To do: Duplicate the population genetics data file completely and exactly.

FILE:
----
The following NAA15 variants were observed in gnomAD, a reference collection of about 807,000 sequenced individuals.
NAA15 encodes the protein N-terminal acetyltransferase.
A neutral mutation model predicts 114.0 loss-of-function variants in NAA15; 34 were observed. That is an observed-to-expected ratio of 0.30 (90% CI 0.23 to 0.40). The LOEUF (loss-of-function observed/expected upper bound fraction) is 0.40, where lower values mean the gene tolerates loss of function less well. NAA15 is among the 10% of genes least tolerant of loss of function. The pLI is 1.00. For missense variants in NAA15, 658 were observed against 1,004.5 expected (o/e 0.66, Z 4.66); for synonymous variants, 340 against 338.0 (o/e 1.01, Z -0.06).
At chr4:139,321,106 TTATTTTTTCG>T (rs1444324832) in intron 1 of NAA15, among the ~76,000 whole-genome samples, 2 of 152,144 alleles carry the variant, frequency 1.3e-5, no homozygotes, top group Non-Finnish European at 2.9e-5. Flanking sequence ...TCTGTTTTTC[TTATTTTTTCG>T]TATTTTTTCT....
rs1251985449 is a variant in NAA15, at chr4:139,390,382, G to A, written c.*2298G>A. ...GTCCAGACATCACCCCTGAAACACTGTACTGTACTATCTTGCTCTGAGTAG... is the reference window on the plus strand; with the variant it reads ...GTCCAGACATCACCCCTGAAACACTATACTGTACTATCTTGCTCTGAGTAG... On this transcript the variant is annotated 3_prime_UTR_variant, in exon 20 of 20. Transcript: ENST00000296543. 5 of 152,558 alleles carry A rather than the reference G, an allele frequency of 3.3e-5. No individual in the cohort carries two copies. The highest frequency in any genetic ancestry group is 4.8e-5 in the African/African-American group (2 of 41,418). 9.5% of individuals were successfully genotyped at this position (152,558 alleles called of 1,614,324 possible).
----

The following NAA15 variants were observed in gnomAD, a reference collection of about 807,000 sequenced individuals.
NAA15 encodes the protein N-terminal acetyltransferase.
A neutral mutation model predicts 114.0 loss-of-function variants in NAA15; 34 were observed. That is an observed-to-expected ratio of 0.30 (90% CI 0.23 to 0.40). The LOEUF (loss-of-function observed/expected upper bound fraction) is 0.40, where lower values mean the gene tolerates loss of function less well. NAA15 is among the 10% of genes least tolerant of loss of function. The pLI is 1.00. For missense variants in NAA15, 658 were observed against 1,004.5 expected (o/e 0.66, Z 4.66); for synonymous variants, 340 against 338.0 (o/e 1.01, Z -0.06).
At chr4:139,321,106 TTATTTTTTCG>T (rs1444324832) in intron 1 of NAA15, among the ~76,000 whole-genome samples, 2 of 152,144 alleles carry the variant, frequency 1.3e-5, no homozygotes, top group Non-Finnish European at 2.9e-5. Flanking sequence ...TCTGTTTTTC[TTATTTTTTCG>T]TATTTTTTCT....
rs1251985449 is a variant in NAA15, at chr4:139,390,382, G to A, written c.*2298G>A. ...GTCCAGACATCACCCCTGAAACACTGTACTGTACTATCTTGCTCTGAGTAG... is the reference window on the plus strand; with the variant it reads ...GTCCAGACATCACCCCTGAAACACTATACTGTACTATCTTGCTCTGAGTAG... On this transcript the variant is annotated 3_prime_UTR_variant, in exon 20 of 20. Transcript: ENST00000296543. 5 of 152,558 alleles carry A rather than the reference G, an allele frequency of 3.3e-5. No individual in the cohort carries two copies. The highest frequency in any genetic ancestry group is 4.8e-5 in the African/African-American group (2 of 41,418). 9.5% of individuals were successfully genotyped at this position (152,558 alleles called of 1,614,324 possible).